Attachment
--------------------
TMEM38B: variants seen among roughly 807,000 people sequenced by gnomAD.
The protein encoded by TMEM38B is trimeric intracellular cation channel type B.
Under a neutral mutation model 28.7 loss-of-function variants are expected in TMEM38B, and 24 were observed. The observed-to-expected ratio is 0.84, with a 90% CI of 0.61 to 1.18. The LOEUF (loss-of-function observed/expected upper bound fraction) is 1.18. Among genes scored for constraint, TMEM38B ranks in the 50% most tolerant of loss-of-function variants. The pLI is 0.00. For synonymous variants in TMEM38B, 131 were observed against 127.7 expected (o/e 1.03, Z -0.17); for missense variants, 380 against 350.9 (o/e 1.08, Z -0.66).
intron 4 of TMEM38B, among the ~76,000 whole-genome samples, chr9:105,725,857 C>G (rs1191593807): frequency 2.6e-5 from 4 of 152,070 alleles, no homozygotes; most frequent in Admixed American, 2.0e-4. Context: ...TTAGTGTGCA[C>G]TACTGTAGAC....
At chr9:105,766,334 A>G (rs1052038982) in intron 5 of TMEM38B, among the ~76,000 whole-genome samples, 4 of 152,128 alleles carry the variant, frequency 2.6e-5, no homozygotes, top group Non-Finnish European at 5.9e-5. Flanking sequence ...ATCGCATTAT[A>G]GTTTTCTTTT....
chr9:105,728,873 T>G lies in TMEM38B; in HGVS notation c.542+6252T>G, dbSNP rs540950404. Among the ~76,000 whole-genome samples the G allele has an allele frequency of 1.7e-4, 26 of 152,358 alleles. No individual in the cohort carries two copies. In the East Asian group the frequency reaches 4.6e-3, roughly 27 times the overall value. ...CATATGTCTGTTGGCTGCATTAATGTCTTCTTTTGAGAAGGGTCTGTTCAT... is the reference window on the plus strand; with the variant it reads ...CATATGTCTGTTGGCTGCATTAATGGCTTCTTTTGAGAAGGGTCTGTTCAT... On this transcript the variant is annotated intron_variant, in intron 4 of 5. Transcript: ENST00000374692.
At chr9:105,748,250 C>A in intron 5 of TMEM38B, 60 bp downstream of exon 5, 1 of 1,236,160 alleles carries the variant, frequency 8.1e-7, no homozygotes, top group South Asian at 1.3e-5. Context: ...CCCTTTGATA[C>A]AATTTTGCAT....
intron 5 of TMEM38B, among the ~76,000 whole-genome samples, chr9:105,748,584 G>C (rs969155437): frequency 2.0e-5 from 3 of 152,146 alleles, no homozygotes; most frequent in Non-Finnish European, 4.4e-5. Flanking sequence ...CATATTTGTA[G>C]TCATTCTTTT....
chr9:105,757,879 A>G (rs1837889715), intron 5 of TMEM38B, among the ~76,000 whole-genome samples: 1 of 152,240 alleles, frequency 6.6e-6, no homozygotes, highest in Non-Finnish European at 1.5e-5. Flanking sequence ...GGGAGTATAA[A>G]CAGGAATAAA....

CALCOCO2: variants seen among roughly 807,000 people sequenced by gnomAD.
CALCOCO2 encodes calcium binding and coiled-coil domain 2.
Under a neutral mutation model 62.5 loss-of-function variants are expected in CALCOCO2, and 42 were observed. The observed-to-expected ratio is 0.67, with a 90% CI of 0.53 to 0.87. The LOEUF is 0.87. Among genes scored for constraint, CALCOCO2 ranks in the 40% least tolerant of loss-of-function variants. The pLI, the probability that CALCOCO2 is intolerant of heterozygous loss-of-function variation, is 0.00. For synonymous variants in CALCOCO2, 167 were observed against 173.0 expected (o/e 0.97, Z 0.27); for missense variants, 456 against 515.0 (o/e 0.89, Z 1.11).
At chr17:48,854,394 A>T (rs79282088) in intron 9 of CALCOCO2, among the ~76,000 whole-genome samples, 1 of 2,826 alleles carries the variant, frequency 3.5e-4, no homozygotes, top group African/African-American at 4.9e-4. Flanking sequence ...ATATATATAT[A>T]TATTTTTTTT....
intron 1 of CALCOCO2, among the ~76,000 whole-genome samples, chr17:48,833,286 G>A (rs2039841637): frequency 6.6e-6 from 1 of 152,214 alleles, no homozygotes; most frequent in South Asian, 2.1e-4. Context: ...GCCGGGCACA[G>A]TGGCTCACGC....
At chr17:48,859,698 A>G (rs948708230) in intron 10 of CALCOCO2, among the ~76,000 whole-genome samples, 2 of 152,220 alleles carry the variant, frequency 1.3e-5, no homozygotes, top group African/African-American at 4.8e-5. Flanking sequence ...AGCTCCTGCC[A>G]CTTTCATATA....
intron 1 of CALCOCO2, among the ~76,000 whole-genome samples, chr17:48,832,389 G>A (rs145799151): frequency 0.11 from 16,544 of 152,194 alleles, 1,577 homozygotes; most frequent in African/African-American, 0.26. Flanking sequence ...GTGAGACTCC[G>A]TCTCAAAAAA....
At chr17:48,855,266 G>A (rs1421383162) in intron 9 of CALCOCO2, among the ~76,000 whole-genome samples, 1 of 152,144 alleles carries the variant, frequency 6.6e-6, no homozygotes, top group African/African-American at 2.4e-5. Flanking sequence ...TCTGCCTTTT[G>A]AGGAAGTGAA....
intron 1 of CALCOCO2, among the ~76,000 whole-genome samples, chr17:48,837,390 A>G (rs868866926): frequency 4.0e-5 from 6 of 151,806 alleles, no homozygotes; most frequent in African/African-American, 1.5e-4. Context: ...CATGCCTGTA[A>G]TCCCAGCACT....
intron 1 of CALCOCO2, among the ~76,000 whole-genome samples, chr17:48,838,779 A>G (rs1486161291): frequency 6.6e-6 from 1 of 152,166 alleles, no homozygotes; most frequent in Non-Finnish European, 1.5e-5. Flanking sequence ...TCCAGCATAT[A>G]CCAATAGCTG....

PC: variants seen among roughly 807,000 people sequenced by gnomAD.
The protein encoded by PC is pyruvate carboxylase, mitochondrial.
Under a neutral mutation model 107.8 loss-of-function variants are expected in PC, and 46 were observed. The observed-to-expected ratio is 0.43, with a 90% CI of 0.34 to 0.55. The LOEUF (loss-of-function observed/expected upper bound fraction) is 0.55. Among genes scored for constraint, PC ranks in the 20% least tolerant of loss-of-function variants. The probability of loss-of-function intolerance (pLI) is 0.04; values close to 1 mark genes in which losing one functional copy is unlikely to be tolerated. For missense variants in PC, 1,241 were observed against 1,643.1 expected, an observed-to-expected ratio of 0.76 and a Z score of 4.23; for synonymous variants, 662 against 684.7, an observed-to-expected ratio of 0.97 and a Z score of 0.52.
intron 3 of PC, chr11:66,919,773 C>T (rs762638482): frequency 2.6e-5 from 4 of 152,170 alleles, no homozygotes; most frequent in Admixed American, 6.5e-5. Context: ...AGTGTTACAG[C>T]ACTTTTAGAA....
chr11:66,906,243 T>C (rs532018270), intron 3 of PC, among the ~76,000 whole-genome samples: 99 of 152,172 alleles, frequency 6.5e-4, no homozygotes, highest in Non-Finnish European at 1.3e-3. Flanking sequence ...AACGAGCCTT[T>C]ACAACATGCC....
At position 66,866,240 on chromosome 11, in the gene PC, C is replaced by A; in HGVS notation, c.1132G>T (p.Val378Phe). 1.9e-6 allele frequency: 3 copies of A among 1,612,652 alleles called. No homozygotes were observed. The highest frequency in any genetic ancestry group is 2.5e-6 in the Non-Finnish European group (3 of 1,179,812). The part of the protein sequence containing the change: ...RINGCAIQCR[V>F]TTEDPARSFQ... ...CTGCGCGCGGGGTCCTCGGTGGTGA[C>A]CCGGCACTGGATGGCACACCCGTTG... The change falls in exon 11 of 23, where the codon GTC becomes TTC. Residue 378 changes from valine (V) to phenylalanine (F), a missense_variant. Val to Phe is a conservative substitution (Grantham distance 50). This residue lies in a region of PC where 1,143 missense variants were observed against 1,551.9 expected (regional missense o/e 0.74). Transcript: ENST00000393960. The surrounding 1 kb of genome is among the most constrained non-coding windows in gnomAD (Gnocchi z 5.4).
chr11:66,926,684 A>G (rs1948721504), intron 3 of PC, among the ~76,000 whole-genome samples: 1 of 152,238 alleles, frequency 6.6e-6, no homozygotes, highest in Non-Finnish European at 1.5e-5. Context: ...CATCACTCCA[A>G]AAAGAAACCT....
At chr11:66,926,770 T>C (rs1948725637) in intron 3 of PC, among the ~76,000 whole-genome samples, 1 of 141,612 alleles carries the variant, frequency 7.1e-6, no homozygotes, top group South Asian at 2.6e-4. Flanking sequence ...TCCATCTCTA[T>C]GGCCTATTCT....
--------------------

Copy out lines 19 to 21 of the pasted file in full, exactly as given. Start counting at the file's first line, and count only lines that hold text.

intron 1 of CALCOCO2, among the ~76,000 whole-genome samples, chr17:48,838,779 A>G (rs1486161291): frequency 6.6e-6 from 1 of 152,166 alleles, no homozygotes; most frequent in Non-Finnish European, 1.5e-5. Flanking sequence ...TCCAGCATAT[A>G]CCAATAGCTG....

PC: variants seen among roughly 807,000 people sequenced by gnomAD.
The protein encoded by PC is pyruvate carboxylase, mitochondrial.